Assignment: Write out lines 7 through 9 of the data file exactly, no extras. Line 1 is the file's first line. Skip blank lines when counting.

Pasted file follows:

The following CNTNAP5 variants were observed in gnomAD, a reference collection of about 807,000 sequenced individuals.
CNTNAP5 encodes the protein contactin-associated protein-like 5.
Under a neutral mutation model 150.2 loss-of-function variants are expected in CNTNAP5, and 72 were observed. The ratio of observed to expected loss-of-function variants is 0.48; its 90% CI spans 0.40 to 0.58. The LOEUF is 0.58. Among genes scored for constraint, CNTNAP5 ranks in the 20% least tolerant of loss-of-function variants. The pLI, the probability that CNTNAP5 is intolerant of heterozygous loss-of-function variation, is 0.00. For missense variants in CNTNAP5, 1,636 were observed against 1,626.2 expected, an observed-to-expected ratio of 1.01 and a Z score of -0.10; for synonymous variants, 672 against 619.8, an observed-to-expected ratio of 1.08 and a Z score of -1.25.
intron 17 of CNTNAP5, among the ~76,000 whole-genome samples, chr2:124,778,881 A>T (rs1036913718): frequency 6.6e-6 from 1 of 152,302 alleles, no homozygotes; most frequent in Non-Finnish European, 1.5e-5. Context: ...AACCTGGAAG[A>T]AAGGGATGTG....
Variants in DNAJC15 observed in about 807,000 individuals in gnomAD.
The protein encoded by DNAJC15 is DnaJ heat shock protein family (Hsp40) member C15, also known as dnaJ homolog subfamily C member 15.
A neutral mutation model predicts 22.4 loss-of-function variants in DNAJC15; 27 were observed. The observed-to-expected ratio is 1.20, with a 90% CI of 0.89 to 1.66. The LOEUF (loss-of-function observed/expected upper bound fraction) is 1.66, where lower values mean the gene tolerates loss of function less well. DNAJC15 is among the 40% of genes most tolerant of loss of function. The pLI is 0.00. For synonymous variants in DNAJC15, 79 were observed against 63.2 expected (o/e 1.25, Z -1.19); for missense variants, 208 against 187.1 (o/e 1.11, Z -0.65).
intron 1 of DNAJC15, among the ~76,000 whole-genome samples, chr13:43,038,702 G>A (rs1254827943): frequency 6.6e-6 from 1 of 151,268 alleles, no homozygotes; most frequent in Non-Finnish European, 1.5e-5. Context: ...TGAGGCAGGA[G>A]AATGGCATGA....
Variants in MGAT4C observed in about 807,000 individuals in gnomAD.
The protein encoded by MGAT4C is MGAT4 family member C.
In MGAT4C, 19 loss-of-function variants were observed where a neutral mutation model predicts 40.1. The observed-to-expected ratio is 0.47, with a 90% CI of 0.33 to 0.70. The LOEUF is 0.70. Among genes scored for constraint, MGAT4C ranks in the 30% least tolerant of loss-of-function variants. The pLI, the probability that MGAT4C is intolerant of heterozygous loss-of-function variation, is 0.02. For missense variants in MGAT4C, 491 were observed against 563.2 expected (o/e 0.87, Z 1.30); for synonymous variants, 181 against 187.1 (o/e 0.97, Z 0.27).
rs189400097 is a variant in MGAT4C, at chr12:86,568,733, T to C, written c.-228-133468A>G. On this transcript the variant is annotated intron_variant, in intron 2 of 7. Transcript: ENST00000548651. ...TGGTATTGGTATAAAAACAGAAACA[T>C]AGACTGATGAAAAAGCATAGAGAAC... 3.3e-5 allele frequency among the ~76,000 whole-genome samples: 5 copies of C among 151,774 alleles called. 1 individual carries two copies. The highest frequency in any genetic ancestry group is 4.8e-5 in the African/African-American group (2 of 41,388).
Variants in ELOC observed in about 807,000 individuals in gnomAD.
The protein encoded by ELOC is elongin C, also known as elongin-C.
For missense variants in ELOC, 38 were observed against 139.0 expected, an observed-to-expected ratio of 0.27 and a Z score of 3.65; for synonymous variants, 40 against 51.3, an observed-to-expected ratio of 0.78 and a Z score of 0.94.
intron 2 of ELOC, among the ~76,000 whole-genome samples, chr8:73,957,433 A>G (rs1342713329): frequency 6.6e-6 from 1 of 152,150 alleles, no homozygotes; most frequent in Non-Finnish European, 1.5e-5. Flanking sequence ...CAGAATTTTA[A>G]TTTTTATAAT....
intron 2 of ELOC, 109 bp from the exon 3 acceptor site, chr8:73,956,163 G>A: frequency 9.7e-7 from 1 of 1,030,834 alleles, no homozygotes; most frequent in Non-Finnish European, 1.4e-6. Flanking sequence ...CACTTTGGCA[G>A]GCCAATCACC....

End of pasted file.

A neutral mutation model predicts 22.4 loss-of-function variants in DNAJC15; 27 were observed. The observed-to-expected ratio is 1.20, with a 90% CI of 0.89 to 1.66. The LOEUF (loss-of-function observed/expected upper bound fraction) is 1.66, where lower values mean the gene tolerates loss of function less well. DNAJC15 is among the 40% of genes most tolerant of loss of function. The pLI is 0.00. For synonymous variants in DNAJC15, 79 were observed against 63.2 expected (o/e 1.25, Z -1.19); for missense variants, 208 against 187.1 (o/e 1.11, Z -0.65).
intron 1 of DNAJC15, among the ~76,000 whole-genome samples, chr13:43,038,702 G>A (rs1254827943): frequency 6.6e-6 from 1 of 151,268 alleles, no homozygotes; most frequent in Non-Finnish European, 1.5e-5. Context: ...TGAGGCAGGA[G>A]AATGGCATGA....
Variants in MGAT4C observed in about 807,000 individuals in gnomAD.